2. Yahoo!. "Using JSON with Yahoo! Web services". http://developer.yahoo.com/common/json.html. Retrieved July 3, 2009. 
  3. Google. "Using JSON with Google Data APIs". http://code.google.com/apis/gdata/json.html. Retrieved July 3, 2009. 
  4. Crockford, Douglas (July 9, 2008). "JSON in JavaScript". json.org. http://www.json.org/js.html. Retrieved September 8, 2008. 
  5. Turchetto, Matteo; Viklund, Andreas (2007). "JSON Schema Proposal". json.com. http://www.json.com/json-schema-proposal/. Retrieved July 3, 2009. 
  6. Crockford, Douglas (December 6, 2006). "JSON: The Fat-Free Alternative to XML". http://www.json.org/fatfree.html. Retrieved July 3, 2009. 
  7. "Using Native JSON". June 30, 2009. https://developer.mozilla.org/en/Using_JSON_in_Firefox. Retrieved July 3, 2009. 
  8. Barsan, Corneliu (September 10, 2008). "Native JSON in IE8". http://blogs.msdn.com/ie/archive/2008/09/10/native-json-in-ie8.aspx. Retrieved July 3, 2009. 
  9. Hunt, Oliver (June 22, 2009). "Implement ES 3.1 JSON object". https://bugs.webkit.org/show_bug.cgi?id=20031. Retrieved July 3, 2009. 
  10. "Ticket #4429". May 22, 2009. http://dev.jquery.com/ticket/4429. Retrieved July 3, 2009. 
  11. "Ticket #8111". June 15, 2009. http://trac.dojotoolkit.org/ticket/8111. Retrieved July 3, 2009. 
  12. "Ticket 419". October 11, 2008. https://mootools.lighthouseapp.com/projects/2706/tickets/419-use-the-native-json-object-if-available. Retrieved July 3, 2009. 
  13. Ben-Kiki, Oren; Evans, Clark; döt Net, Ingy (May 13, 2008). "YAML Ain’t Markup Language (YAML™) Version 1.2". http://yaml.org/spec/1.2/#id2560236. Retrieved July 3, 2009. "YAML can therefore be viewed as a natural superset of JSON, offering improved human readability and a more complete information model. This is also the case in practice; every JSON file is also a valid YAML file. This makes it easy to migrate from JSON to YAML if/when the additional features are required."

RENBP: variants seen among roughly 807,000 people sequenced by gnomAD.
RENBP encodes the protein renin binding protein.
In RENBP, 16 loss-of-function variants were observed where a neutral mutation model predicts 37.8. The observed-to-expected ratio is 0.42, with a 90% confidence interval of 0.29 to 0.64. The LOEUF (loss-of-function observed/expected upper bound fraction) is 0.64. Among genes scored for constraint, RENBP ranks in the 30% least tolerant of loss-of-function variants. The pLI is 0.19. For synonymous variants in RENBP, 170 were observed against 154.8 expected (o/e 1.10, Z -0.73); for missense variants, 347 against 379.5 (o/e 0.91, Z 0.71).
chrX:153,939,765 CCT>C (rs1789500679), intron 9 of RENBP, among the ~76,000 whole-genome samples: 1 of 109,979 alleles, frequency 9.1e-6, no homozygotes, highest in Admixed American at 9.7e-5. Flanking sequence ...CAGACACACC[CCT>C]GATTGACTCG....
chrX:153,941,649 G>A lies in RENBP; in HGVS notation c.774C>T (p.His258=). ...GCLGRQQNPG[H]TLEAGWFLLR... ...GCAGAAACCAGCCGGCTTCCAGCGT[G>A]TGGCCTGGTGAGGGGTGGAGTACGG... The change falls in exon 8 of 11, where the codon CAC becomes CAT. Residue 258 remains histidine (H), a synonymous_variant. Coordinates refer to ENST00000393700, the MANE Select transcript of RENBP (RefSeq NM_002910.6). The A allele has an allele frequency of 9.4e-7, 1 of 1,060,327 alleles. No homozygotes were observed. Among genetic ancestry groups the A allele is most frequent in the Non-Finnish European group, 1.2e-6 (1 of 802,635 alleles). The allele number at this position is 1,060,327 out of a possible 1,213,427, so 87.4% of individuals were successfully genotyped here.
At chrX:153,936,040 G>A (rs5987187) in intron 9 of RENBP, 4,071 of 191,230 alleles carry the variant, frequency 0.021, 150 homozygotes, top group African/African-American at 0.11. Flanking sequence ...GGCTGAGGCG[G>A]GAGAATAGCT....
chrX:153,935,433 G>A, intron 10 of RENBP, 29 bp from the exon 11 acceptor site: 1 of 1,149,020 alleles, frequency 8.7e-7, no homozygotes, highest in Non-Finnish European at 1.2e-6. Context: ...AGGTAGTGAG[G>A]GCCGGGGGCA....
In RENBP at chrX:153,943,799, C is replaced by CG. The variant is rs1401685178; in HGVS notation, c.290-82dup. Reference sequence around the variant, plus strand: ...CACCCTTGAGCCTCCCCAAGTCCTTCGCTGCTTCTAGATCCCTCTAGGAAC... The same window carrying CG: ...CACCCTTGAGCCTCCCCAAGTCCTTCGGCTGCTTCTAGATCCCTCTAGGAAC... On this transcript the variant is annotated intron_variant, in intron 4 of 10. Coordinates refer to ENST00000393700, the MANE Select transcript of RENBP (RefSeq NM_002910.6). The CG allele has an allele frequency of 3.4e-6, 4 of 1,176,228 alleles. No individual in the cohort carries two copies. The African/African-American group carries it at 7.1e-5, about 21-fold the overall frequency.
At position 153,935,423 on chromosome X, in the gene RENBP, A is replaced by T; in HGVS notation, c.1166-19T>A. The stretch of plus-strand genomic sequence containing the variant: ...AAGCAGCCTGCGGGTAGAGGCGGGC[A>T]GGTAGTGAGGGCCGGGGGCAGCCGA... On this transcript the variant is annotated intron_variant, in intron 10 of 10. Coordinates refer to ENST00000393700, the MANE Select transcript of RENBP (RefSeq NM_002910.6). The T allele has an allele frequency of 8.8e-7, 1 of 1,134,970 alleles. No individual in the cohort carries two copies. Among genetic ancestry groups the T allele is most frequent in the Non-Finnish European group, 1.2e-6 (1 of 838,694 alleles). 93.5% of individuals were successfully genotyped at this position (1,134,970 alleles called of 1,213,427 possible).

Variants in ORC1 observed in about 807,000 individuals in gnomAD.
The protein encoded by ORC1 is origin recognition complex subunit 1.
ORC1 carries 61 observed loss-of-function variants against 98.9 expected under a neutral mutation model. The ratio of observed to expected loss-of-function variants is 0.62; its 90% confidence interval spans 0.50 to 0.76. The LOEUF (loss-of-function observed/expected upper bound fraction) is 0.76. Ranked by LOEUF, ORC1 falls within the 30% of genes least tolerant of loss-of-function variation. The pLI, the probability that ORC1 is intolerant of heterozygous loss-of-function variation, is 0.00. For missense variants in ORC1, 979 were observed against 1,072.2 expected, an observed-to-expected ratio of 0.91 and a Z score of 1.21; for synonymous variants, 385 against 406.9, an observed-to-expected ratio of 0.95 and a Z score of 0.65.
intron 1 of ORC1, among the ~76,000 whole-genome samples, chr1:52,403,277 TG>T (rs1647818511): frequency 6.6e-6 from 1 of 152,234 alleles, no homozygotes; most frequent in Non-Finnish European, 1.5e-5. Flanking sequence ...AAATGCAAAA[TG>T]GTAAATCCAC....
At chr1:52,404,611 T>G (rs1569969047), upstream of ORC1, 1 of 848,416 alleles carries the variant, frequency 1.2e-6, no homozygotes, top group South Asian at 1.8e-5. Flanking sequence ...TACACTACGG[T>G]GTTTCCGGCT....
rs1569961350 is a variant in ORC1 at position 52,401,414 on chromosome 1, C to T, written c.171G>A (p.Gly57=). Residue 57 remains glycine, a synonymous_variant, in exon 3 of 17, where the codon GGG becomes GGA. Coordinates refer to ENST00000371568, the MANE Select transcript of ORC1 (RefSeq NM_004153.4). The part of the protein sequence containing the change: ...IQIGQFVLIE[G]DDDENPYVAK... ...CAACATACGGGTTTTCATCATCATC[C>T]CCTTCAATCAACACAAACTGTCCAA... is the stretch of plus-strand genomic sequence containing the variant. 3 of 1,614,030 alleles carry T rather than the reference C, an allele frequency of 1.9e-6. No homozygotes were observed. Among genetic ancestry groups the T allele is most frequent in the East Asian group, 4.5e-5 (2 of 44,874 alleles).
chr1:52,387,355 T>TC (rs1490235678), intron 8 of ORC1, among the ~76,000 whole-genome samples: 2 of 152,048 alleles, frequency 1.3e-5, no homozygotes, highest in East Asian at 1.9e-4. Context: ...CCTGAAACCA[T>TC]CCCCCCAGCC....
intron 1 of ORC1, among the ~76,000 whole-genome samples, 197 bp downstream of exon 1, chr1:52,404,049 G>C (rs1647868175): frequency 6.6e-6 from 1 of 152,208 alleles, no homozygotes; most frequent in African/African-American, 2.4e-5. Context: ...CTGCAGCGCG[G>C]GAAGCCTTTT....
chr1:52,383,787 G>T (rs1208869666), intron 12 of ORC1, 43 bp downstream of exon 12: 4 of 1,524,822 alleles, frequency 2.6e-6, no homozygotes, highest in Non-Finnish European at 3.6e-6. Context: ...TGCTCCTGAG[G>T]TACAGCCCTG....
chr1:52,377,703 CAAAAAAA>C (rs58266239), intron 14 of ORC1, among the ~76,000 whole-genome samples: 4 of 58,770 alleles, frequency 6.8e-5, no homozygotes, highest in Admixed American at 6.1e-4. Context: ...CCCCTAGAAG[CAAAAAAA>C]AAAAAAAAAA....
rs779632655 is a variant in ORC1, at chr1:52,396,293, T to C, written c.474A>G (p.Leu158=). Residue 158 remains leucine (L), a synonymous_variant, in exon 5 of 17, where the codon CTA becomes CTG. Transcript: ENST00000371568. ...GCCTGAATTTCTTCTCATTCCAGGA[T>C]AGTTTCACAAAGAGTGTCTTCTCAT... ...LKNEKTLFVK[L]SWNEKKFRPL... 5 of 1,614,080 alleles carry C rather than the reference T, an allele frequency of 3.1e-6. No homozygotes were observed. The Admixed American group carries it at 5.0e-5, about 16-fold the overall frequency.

14. RedHanded (April 7, 2005). "YAML is JSON". http://redhanded.hobix.com/inspect/yamlIsJson.html. Retrieved July 3, 2009. 
  15. "Remote JSON - JSONP". from __future__ import *. Bob.pythonmac.org. December 5, 2005. http://bob.pythonmac.org/archives/2005/12/05/remote-json-jsonp/. Retrieved September 8, 2008. 
  16. "GWT Tutorial: How to Read Web Services Client-Side with JSONP". Google Web Toolkit Applications. February 6, 2008. http://www.gwtapps.com/?p=42. Retrieved July 3, 2009. 
  17. Almeida, Jonas (June 11, 2008). "JSON, JSONP, JSONPP?". S3DB. http://sites.google.com/a/s3db.org/s3db/documentation/mis/json-jsonp-jsonpp. Retrieved April 26, 2009. 
  18. RIAspot. "JSON P for Cross Site XHR". http://www.riaspot.com/blogs/entry/JSONP-for-Cross-Site-XHR. [dead link]
  19. Grossman, Jeremiah (January 27, 2006). "Advanced Web Attack Techniques using GMail". http://jeremiahgrossman.blogspot.com/2006/01/advanced-web-attack-techniques-using.html. Retrieved July 3, 2009. 
  20. Zyp, Kris (June 17, 2008). "JSON referencing in Dojo". http://www.sitepen.com/blog/2008/06/17/json-referencing-in-dojo. Retrieved July 3,2009. 

External links